During a rally in Alabama Sept. 22, President Trump launched an expletive-laden criticism of National Football League athletes who protested during the national anthem, urging team owners to fire those who chose to kneel. The next day, the president also uninvited National Basketball Association superstar Stephen Curry to the White House after Curry stated he would vote against the NBA champion Golden State Warriors from attending the White House to celebrate their championship. Players and owners from across the sports world condemned the president’s comments, calling the statements divisive. This exchange sparked a conversation on the role of sports activism not only in the professional ranks, but also in Occidental‘s very own sports community.
Athletic Director Jamie Hoffman was critical of President Trump and the use of his office to condemn player protesters.
“I think that regardless of your political opinion or perspective, we can probably agree that the President of the United States should conduct himself better than he did,” Hoffman said via email.
Hoffman also explained the rights of Occidental student athletes to take part in protests, citing players who have protested in the past.
“We’ve had students exercise their right to protest and others who have chosen not to. I would imagine as this issue has become more in the spotlight that more Oxy student athletes will continue to express themselves,” Hoffman said.
Volleyball players Alexandra Melikian (senior) and Tiareh Cruz ’17 participated in an anthem protest last year. They knelt during the national anthem before a match against California Lutheran University Oct. 22, 2016.
Melikian explained the protest was meant to engender discussion concerning racial inequity in the United States.
“One other teammate and I talked about it and we felt — with how the discourse and everything that was going on in the U.S. — we should use even what little platform we have to speak out against the injustices in the U.S.,” Melikian said.
Trump continued his criticism of anthem protesters Sept. 25 via Twitter, stating they were disrespecting the flag and the nation.
Basketball player Alyssa Ramlochan (first year) stated the president and others misunderstand the reasons behind these protests.
“It’s just crazy to think that someone doesn’t see the perspective in which why they’re kneeling is because of this discrimination which minorities are receiving. We’re not trying to disrespect the flag,” Ramlochan said.
Melikian echoed Ramlochan’s statements and called the protests and respecting the flag completely separate issues.
“Many people bring up that kneeling is protesting veterans and people who are serving this country—really it’s dealing with two different things. When I kneeled it was no disrespect to anyone who has served in our military, I have family who have served in the military. It’s more about showing that this country is not equal for all even though that’s what we claim,” Melikian said.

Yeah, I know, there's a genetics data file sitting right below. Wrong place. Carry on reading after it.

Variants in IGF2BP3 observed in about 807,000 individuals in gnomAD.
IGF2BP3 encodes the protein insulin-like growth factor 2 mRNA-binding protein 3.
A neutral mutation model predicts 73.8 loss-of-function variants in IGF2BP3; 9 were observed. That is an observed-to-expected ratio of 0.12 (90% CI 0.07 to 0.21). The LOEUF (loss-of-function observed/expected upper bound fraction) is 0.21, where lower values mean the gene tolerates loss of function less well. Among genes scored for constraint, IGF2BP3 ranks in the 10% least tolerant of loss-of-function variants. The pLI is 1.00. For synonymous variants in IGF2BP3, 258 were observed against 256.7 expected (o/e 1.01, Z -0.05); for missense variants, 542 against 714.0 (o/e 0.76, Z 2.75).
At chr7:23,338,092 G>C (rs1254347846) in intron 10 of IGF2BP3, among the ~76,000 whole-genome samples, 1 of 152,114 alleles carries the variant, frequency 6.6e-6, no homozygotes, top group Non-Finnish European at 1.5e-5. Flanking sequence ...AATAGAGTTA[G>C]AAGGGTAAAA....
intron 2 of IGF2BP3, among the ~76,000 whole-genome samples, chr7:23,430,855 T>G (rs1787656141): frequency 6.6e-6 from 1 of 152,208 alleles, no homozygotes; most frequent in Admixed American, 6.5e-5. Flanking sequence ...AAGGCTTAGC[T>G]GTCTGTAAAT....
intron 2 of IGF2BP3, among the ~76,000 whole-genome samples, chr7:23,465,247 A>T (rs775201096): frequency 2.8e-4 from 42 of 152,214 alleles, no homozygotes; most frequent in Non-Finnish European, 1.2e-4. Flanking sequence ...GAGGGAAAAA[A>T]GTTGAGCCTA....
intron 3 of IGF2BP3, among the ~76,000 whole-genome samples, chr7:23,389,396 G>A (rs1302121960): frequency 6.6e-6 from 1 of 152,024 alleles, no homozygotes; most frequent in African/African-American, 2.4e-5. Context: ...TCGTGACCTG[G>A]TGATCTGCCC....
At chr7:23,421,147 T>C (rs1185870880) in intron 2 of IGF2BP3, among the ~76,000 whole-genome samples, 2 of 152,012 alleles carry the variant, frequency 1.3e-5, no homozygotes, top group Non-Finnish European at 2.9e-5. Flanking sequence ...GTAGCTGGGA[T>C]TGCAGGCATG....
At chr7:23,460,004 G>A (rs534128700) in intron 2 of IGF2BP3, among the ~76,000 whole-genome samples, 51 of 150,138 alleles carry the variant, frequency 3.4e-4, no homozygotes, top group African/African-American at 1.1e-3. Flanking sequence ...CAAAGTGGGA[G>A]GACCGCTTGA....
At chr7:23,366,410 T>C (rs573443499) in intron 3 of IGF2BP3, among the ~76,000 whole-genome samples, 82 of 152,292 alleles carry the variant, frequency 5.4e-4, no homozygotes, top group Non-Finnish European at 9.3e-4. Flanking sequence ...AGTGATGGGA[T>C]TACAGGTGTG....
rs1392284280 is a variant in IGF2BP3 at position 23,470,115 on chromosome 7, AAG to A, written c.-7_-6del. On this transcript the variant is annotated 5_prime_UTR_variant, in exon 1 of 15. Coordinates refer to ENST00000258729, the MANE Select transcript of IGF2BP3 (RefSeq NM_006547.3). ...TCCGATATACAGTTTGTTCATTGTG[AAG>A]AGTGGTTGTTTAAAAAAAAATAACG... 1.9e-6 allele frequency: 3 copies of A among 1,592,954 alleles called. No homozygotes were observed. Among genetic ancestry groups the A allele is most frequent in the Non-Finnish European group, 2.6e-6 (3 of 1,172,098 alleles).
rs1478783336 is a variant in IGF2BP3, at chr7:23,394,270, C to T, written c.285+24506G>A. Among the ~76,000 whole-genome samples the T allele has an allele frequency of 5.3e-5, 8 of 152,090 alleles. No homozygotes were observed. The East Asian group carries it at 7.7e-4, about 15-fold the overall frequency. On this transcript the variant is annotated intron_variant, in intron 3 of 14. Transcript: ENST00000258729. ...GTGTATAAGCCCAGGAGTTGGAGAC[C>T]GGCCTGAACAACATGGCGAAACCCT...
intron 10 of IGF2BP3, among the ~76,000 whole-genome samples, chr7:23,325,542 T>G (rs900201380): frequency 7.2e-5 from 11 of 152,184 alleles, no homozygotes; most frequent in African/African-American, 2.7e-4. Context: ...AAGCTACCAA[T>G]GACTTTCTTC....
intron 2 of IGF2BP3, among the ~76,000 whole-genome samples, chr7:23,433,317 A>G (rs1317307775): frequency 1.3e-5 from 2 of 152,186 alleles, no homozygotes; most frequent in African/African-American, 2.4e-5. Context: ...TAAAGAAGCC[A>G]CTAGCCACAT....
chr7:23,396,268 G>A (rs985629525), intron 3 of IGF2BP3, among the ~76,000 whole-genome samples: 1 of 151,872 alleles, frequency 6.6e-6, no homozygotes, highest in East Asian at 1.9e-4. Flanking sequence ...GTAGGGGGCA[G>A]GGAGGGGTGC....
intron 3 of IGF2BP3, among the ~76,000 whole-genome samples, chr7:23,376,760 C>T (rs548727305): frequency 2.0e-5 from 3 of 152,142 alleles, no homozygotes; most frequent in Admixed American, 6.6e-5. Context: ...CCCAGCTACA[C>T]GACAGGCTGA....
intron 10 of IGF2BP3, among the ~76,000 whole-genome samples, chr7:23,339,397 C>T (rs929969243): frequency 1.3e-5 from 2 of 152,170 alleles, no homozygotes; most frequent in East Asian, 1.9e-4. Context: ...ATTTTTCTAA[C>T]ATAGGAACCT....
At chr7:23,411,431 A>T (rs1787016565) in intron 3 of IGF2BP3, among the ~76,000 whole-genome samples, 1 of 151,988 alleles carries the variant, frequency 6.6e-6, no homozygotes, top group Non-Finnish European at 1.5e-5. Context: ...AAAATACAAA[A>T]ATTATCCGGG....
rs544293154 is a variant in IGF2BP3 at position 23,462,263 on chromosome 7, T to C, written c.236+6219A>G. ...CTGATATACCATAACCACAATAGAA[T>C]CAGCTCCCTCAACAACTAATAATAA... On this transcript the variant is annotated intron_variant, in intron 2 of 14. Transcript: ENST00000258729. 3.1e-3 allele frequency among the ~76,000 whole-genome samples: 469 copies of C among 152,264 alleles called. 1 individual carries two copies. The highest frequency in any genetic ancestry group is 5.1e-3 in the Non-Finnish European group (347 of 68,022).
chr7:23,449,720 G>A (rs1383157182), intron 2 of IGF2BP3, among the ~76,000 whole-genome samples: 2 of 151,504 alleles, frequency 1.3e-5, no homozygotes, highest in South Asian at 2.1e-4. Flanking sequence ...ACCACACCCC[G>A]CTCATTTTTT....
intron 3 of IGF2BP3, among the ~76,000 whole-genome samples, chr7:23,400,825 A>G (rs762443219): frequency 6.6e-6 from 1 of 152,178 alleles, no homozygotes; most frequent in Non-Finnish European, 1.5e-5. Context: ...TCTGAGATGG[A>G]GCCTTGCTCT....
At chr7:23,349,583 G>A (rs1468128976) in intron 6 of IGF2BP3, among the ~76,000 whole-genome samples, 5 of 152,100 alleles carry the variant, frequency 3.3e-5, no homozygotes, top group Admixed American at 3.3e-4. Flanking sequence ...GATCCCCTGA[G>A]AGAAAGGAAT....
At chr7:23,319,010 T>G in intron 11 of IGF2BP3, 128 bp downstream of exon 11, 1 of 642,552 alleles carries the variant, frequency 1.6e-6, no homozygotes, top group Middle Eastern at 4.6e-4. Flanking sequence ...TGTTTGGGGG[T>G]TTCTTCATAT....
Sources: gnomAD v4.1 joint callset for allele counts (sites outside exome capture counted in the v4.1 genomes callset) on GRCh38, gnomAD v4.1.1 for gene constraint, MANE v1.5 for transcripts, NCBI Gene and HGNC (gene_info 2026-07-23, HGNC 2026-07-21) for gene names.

Many professional athletes took to Twitter to condemn the president’s statements. Cleveland Cavaliers’ star Lebron James referred to President Trump as a “bum,” Lakers legend Kobe Bryant cited Trump’s divisiveness as evidence he will never “make America great again” and Houston Rocket Chris Paul criticized Trump for focusing on the NFL instead of other issues.
A myriad of NFL players continued to kneel during the anthem while other players locked arms in a display of solidarity. Whole teams coordinated actions as well. The Seattle Seahawks, Pittsburgh Steelers and Tennessee Titans remained in their respective locker rooms during the national anthem. The Dallas Cowboys kneeled as a team before the anthem and stood with interlocking arms during the anthem prior to their Monday night game against the Arizona Cardinals.
Melikian stated she felt encouraged by the recent displays of NFL players.
“It’s nice to see that now in the U.S. there are people who believe in this and see that there are problems in this country,” Melikian said.
Hoffman also commented on the professional athletes’ recent protest, acknowledging their decision to get involved in issues they care about.
“Regardless of your celebrity status, as Americans, we all have the right to get involved,” Hoffman said.
While the issue affects the entire sports world, its central actors are football players around the country. The Occidental football program declined to comment.